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Ratings, Private Vs Group Lessons, Live Ball

March 23rd, 2021 | 5 min. read

Ratings, Private Vs Group Lessons, Live Ball

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By Gabe Harmat - Tennis Coach

After listening to a lot of chit chat and overhearing comments (some couldn't be any further from the truth) I felt obligated to address a few topics that are related to ratings, group and private lessons.

First, before I explain how the rating system works let me assure you that the last thing on any staff members’ mind is to deprive anyone from moving up on the rating ladder. After all, our goal is to get each one of you up to the next level and play a higher quality game.

Keep in mind that everyone has their own time table and their improvement is based on several factors which are talent, athleticism, time spent on the court and good coaching. 

Therefore don’t compare your improvement to others’, but rather measure it by how far you have come along.

There are two rating systems. One is the NTRP (national tennis rating program) and the other is the UTR which stands for Universal Tennis Rating. The first one is more beneficial for club use, WTT (world team tennis) and USTA league. 

The UTR is a universal system, it has a complete data of each player which includes win and loss records and all scores. It is more accurate and it’s used especially to determine scholarship eligibility.

The following NTRP scale is the one that should help you to understand where you are standing with your progress and will tell you what are your weaknesses and strength.

  • Level 1.0: Introductory level, building eye hand coordination, learning the grips and basic strokes.
  • Level 1.5: Very minimal stroke production, able to hit a static ball with some success.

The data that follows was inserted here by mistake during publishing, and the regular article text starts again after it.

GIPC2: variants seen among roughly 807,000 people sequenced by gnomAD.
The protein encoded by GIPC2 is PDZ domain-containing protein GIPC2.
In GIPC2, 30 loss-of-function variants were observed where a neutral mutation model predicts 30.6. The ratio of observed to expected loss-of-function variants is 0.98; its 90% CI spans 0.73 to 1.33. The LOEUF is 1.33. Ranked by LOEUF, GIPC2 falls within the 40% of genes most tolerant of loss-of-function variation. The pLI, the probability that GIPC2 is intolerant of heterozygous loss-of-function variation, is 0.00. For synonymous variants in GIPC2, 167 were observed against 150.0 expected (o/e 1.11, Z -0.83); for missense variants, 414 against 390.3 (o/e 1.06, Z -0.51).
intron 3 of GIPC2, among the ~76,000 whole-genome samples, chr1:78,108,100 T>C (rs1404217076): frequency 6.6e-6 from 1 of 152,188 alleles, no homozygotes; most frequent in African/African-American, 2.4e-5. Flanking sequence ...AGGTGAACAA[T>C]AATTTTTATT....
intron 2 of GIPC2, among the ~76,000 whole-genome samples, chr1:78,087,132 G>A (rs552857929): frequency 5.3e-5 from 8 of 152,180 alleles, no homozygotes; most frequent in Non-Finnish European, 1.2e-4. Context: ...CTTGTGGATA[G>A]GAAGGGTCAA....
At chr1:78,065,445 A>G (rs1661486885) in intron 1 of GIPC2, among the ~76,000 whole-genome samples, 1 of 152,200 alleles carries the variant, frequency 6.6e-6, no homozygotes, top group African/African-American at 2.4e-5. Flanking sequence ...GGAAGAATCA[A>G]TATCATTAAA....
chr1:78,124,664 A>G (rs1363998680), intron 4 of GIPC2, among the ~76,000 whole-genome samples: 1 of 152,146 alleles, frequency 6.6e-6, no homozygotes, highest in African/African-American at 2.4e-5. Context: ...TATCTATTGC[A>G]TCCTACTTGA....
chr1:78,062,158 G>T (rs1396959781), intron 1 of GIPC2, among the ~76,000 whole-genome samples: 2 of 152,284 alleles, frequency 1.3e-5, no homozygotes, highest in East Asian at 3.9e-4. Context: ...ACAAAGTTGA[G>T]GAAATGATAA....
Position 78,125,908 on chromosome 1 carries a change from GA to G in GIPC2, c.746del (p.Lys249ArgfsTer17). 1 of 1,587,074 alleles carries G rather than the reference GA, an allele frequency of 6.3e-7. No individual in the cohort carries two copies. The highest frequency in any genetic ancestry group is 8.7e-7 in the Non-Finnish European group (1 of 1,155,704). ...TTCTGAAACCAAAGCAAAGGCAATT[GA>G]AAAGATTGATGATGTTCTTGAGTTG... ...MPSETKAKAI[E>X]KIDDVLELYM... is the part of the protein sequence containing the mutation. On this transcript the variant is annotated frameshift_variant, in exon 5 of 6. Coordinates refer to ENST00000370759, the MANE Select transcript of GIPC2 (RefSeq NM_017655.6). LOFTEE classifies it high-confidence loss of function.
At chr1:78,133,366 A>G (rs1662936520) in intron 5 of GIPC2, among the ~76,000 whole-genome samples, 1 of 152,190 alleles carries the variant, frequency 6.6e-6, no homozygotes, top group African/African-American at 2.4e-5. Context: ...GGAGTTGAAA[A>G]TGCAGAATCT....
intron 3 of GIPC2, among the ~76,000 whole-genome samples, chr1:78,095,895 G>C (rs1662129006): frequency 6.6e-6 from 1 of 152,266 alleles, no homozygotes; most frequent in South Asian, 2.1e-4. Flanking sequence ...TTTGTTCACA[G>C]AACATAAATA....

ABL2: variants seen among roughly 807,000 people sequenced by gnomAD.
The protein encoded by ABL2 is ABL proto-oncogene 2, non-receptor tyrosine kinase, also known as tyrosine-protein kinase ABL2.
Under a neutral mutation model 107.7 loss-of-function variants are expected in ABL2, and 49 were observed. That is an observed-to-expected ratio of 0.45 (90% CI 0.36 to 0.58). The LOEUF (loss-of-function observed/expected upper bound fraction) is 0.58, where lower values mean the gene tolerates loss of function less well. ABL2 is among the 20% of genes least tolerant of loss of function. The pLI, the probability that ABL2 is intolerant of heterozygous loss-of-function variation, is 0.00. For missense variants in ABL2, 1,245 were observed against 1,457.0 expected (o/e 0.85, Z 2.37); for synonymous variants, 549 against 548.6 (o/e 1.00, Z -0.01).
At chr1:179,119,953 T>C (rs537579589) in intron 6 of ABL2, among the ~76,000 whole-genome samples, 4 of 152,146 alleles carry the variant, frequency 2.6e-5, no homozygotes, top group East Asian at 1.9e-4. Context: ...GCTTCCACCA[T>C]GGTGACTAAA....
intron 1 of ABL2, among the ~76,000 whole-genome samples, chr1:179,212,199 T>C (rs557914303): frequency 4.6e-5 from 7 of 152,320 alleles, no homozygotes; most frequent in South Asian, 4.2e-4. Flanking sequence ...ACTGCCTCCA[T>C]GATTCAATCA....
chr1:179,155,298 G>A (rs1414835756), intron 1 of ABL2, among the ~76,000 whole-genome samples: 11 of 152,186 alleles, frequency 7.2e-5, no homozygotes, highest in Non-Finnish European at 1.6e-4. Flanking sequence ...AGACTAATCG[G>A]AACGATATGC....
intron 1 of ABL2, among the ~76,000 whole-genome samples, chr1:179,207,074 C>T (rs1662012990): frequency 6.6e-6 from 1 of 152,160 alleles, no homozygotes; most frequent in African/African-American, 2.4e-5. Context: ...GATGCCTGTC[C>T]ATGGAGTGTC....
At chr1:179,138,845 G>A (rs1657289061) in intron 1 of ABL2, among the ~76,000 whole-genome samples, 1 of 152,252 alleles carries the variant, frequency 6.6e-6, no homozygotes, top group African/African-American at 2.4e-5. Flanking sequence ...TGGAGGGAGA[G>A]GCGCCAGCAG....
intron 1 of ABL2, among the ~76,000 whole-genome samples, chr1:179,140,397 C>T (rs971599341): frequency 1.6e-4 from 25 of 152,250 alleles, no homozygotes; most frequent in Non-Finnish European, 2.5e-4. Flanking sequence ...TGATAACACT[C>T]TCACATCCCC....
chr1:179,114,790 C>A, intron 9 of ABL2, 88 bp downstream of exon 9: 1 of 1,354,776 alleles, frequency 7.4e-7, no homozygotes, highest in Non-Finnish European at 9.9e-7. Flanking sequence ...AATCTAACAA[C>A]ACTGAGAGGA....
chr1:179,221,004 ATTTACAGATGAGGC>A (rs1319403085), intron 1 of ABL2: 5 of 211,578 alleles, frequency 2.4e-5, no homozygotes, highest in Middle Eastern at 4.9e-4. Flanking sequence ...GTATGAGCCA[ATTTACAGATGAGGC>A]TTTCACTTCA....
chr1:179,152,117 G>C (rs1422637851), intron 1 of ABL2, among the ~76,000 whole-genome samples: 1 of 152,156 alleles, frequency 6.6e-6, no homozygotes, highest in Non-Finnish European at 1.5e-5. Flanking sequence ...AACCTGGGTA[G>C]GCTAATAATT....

• Level 2.0: Starting to develop structure and court coverage.
  • Level 2.5: Can sustain a short rally with slow pace, weak volley, overhead and serve skills.
  • Level 3.0: This player has a threshold of 5 rallies at medium pace before the structure gives way.  At this level player should know some singles and doubles basic strategies.
  • Level 3.5: Stroke production becoming more reliable at medium pace with spurs of more depth aggressive strokes, starting to develop doubles skills.
  • Level 4.0:  A player at this level should have directional control on forehand and backhand, able to approach the net and finish the point with an overhead or a winning volley. Serves are consistent but lacking power. Understanding of doubles team work is evident at this level.
  • Level 4.5: Congratulations! If you have reached this level you may be considered an “accomplished player”. You are expected to have mastered all the spins, have a weapon or two (big serve, big forehand or backhand), you should be able to charge the net and set up finishing volleys and overheads. Sound footwork, anticipation and mixing tactics are also a must at this level.
  • Level 5.0: A player at this level is a “slow version of a 7.0 pro level”. This player has mastered a variety of specialty shots, can hit winners from anywhere on the court, plays consistently with power and yet can mix it up with finesse. This player’s reaction time is superb which translates into a great return of serve.